How Your Christmas Shopping Could Harm Or Help The Planet

How Your Christmas Shopping Could Harm Or Help The Planet
Many consumers are concerned at the environmental impact of their shopping habits, especially at Christmas. AAP

Australian shoppers are, in the words of the retail industry, “stampeding” to empty our wallets, both online and in stores.

The shopping frenzy is not good for the planet. It generates a mountain of waste including plastics, and decorations, wrapping paper and party paraphernalia only used once. It also involves thousands of air and road miles to transport goods, which creates up to 650kg of carbon dioxide per person.

But amid the spending spree, consumers are becoming more concerned about environmental impacts. A survey of shoppers found one-quarter would prefer to receive a “socially conscious or eco-friendly” Christmas gift.

If you’re one of those people, read on to find out what Australian retailers are doing to help the environment.

How Your Christmas Shopping Could Harm Or Help The Planet
Supermarkets are leaders in the retail field on climate action. AAP/Tracey Nearmy

The climate crisis

Responding to climate change is in the interests of retailers. The Department of the Environment and Energy has warned Australian businesses will be affected by higher temperatures, altered rainfall, bushfires, heatwaves, drought and storms. These can affect food production, the movement of goods and people’s ability to shop, among other things.

In Australian retail, supermarkets are leading the way on climate action.

Coles recently announced a deal with renewables developer Metka EGN. The supermarket giant will buy around 10% of its electricity from three new solar plants in New South Wales.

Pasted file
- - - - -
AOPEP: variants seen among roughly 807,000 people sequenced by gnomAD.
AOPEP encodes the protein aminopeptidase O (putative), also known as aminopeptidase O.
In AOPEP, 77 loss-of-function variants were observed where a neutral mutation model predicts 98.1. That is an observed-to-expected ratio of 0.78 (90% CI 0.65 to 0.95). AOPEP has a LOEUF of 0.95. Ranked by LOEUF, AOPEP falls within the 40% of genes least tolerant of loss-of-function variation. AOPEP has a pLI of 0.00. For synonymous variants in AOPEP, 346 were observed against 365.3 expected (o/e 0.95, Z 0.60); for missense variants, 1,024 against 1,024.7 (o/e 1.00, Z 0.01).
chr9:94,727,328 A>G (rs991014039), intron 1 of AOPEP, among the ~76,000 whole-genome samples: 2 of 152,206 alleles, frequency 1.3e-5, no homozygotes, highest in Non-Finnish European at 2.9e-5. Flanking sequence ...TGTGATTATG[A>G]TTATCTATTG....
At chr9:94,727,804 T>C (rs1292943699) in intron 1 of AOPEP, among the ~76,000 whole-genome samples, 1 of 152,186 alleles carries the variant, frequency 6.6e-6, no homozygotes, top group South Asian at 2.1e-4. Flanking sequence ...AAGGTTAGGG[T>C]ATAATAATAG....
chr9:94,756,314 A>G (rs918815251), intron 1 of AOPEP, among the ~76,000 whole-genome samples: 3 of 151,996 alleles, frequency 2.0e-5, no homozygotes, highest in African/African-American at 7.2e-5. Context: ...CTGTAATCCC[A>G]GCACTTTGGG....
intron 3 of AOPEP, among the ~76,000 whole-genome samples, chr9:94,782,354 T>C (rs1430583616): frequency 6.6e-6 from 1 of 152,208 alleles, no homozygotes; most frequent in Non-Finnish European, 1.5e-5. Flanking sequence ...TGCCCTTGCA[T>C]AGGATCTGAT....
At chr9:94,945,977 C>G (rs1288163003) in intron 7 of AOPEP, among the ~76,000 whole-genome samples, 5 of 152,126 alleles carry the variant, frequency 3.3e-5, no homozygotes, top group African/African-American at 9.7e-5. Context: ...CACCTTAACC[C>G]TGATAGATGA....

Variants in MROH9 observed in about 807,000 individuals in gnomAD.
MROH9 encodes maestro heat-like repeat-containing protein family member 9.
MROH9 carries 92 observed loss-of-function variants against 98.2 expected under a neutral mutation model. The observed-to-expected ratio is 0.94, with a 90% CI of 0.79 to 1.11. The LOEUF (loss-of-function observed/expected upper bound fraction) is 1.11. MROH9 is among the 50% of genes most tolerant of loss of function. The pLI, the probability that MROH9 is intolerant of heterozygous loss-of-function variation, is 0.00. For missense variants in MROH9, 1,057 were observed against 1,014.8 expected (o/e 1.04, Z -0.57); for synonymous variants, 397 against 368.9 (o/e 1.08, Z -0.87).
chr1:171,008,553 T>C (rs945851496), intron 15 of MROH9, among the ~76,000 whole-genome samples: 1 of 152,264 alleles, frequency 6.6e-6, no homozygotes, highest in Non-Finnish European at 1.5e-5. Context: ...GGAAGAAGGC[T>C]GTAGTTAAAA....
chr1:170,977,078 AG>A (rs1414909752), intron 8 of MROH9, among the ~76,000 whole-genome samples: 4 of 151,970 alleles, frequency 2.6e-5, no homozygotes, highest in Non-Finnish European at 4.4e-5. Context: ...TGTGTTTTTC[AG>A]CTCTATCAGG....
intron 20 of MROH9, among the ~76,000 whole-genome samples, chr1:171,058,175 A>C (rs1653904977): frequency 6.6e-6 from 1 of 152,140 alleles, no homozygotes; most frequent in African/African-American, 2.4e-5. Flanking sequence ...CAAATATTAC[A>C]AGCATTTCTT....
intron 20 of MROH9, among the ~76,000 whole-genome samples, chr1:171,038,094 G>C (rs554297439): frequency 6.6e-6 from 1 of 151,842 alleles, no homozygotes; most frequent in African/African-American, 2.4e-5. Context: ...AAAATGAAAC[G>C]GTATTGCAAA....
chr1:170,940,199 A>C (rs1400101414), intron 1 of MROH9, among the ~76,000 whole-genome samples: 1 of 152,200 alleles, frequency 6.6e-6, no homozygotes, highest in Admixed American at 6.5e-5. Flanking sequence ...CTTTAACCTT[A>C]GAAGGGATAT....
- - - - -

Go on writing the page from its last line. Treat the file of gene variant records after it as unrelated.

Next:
Woolworths has a goal to reduce greenhouse gas emissions to 60% below 2015 levels by 2030, and is installing natural refrigerants, or reducing refrigerant leaks, to reduce pollution.

Other retailers are also getting on board. Officeworks, in partnership with Greening Australia, is planting two trees for every one used, based on the weight of paper products bought by customers. It aims to both repair the environment and tackle climate change.

A YouGov report found 75% of Australian adults have thrown clothes away in the past year; 30% tossed more than ten garments. As fabrics break down, they release approximately three to four times their mass in methane and other greenhouse gases.

Some major clothing retailers are responding. For example H&M offers a garment recycling service to prevent clothes from going to landfill. Customers hand in a bag of old clothes which are either reused, reworn or recycled. H&M is also among several global brands to offer clothing rentals.

By the end of this year, all Zara clothing stores, including in Australia, will be eco-efficient. Such stores use at least 20% less electricity and 40% less water than conventional stores.

Turning the tide on plastic

In Australia, Coles and Woolworths were heavily criticised recently over their plastic toy giveaways.

Woolworths responded with the Discovery Garden promotion which gave out free plants. However Coles relaunched its plastic promotion, Little Shop minis, claiming a poll revealed 96% of customers who collected the items still had them, and the packaging could be recycled.

Woolworths is the first Australian retailer to commit to introducing TerraCycle’s zero-waste resusable packaging system, Loop. Shoppers would purchase certain products in packing that can be returned and reused.

Woolworths and Coles also dumped single use plastic bags in 2018, before many state governments had legislated for a ban.

Non-grocery retailers are also getting on board. For example IKEA now allows shoppers to return, recycle and reuse old furniture.

Why retailers are acting

There are compelling financial reasons for retailers to go green.

Shoppers are more likely to choose retailers that share the same values and beliefs they do - this is known as the “value-belief-norm” theory, and explains pro-environmental behaviours.

So people who care about the environment are more likely to shop with retailers who have a higher level of environmental performance. If the values differ, this creates mental discomfort in the consumer known as cognitive dissonance, and they are likely to shop elsewhere.

But the retailer’s actions must be authentic. Consumers are becoming more alert to the problem of greenwashing, when businesses make misleading claims about their green credentials.

And retailers can always do more. The World Economic Forum says for supermarkets, this should include all stores moving towards becoming packaging-free, selling only local, seasonal produce and clearly labelling all products to indicate their carbon footprint.